Tackling vaccination misinformation with local government communications

local government communication, vaccine misinformation
© Theo Gottwald

Karen Steel at Granicus discusses how local government communications could significantly help to stop the spread of COVID misinformation, especially when it comes to vaccinations

The first phase of the roll out of the vaccination in the UK has largely been hailed as a success, as targets to get it out to the top four priority groups – care home residents and staff, frontline workers, over to those over the age of 70 – have been consistently hit.

The second phase of the programme will see the vaccine offered to increasingly younger age groups.

For this second phase, communicating about the COVID-19 vaccine takes place in a different landscape. There is endless information out there on the vaccine, readily available online and on social media platforms which are more likely to be used by the younger groups next in line.  However, so much of it is misinformation, such as claims that it isn’t safe. Making sure that people are able to access the correct information on the entire process is critical in order to encourage widespread take-up of the vaccine.

This is where education from a trusted source comes in. And regardless of what some people may think, your local council is still considered a trusted source. We saw this to the nth degree back in March 2020 at the start of the pandemic when people flocked to sign up to bulletins on our customers’ websites. Unlike media reports, which can sometimes have a political leaning or have to offer ‘both sides’, local authorities work hard to be apolitical in the information they put out. There are whole policies and regulations devoted to it.

It appears that there is not yet a clear path set out for local authorities on their role in the vaccination roll out and this is something that needs to be clarified as soon as possible. It is a massive project to undertake with a regional focus, and according to the LGA, it is vital councils are involved. Many councils have begun to address this need with newsletters and understand the important role they can play in ensuring equitable vaccine distribution given their deep understanding of individual community context and ability to identify those communities and neighborhoods in greatest need.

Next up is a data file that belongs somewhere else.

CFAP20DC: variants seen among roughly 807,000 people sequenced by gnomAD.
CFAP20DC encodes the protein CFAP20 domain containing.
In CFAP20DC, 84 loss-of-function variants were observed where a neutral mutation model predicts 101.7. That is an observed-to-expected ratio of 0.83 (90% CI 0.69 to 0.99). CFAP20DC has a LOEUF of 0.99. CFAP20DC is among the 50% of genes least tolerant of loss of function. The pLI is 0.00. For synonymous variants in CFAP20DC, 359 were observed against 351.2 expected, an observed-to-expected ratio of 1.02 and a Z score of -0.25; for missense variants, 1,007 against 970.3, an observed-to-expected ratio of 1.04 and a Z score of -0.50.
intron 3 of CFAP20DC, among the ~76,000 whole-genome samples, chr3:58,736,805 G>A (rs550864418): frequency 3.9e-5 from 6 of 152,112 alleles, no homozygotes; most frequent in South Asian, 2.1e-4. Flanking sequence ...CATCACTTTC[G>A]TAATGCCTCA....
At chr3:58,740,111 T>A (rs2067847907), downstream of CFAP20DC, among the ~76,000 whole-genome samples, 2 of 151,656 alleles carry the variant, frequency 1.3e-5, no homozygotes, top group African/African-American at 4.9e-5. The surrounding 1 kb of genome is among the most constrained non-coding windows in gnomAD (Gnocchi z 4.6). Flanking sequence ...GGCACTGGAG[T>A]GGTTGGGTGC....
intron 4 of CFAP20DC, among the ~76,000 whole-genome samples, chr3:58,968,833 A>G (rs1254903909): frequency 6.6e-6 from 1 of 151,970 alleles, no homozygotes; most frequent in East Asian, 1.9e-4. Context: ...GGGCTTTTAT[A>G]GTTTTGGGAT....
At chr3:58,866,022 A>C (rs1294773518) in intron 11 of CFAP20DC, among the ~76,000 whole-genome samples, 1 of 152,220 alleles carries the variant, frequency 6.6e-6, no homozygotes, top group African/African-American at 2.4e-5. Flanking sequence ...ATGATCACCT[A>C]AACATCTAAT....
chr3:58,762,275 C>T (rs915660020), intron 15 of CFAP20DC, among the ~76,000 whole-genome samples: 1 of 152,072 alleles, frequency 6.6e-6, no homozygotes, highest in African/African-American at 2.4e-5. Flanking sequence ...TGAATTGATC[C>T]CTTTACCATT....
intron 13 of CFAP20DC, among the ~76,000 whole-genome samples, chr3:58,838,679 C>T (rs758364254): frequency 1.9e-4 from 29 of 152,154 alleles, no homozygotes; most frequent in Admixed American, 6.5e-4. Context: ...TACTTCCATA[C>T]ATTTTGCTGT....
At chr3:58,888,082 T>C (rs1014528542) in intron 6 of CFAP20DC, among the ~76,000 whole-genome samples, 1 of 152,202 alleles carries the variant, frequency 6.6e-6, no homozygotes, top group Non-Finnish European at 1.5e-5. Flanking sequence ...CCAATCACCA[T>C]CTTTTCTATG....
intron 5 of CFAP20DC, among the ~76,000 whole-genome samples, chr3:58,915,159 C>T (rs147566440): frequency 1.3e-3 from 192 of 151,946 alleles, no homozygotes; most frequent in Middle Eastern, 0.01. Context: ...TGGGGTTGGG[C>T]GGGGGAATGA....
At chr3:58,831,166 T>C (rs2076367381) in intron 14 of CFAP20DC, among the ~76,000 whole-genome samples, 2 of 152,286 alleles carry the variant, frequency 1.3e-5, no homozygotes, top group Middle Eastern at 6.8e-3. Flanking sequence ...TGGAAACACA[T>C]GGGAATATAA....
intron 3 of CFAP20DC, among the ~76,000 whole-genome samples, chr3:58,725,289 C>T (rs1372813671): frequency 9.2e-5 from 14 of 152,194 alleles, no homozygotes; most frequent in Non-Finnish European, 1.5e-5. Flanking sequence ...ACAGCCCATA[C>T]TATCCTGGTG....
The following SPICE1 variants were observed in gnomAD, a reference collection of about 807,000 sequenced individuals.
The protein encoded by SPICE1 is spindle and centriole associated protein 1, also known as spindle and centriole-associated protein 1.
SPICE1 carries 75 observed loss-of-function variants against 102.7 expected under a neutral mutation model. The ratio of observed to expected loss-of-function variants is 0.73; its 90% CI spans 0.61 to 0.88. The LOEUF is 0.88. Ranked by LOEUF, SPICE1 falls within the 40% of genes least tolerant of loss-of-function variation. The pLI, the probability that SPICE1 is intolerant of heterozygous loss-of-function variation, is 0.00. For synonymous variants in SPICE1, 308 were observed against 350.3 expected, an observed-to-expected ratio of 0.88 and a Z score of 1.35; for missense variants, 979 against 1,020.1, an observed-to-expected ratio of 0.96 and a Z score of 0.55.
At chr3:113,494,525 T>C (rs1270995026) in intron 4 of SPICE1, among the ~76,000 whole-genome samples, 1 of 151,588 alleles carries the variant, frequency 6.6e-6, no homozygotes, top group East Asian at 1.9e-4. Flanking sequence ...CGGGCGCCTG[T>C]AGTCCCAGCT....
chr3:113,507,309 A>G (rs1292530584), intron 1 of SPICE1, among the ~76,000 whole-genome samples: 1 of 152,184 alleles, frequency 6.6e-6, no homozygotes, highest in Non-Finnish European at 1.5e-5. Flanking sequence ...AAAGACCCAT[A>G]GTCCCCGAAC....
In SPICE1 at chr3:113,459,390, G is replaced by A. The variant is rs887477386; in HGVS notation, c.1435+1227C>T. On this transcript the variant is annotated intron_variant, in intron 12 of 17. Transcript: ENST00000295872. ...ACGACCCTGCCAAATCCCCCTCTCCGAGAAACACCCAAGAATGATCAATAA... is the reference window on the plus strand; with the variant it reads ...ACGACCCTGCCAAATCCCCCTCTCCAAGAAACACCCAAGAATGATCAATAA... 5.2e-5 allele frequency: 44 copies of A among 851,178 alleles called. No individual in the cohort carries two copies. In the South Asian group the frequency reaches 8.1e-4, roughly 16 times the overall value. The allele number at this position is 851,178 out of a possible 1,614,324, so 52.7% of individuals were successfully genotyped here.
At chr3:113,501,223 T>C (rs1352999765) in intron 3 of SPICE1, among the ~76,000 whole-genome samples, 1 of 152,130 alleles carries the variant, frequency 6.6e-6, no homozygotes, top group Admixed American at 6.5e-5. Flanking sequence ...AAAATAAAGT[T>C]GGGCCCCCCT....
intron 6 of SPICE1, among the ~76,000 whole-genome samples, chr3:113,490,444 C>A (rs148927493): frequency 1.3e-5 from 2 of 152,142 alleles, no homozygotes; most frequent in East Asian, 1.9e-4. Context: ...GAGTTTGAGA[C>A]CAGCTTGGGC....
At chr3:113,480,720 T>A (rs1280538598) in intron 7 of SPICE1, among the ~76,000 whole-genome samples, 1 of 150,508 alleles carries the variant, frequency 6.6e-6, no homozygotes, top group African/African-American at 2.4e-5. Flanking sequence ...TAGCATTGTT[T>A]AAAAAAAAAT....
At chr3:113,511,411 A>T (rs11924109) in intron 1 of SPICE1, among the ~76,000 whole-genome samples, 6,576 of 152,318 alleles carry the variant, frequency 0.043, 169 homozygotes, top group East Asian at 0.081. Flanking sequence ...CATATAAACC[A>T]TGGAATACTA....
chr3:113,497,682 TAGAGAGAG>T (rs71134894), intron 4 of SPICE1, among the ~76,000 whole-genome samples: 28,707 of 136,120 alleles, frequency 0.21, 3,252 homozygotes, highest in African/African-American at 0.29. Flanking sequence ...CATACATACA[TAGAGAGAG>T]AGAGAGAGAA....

It is highly likely that councils will be responsible for sharing information once mass vaccination takes place amongst a wider range of groups, and preparations will need to be made.

Approaching vaccine communications

First, if you find yourself responsible for preparing any communications on the virus, acknowledge you don’t have to do all the work yourself. Local authorities are supplied with information straight from Chief Medical Officer Chris Whitty, nicely packaged by Public Health England and the NHS in easy-to-understand formats. Do look at what they’ve provided, what shapes and formats it comes in and which of your channels and audiences they’re best suited for.

Another way to get ahead of the game is to prepare a list of the different questions you hear the public asking. It’s worth speaking to your call centre staff to find out if they’re hearing questions about the vaccine. These will likely be along the the lines of safety, timing and logistics.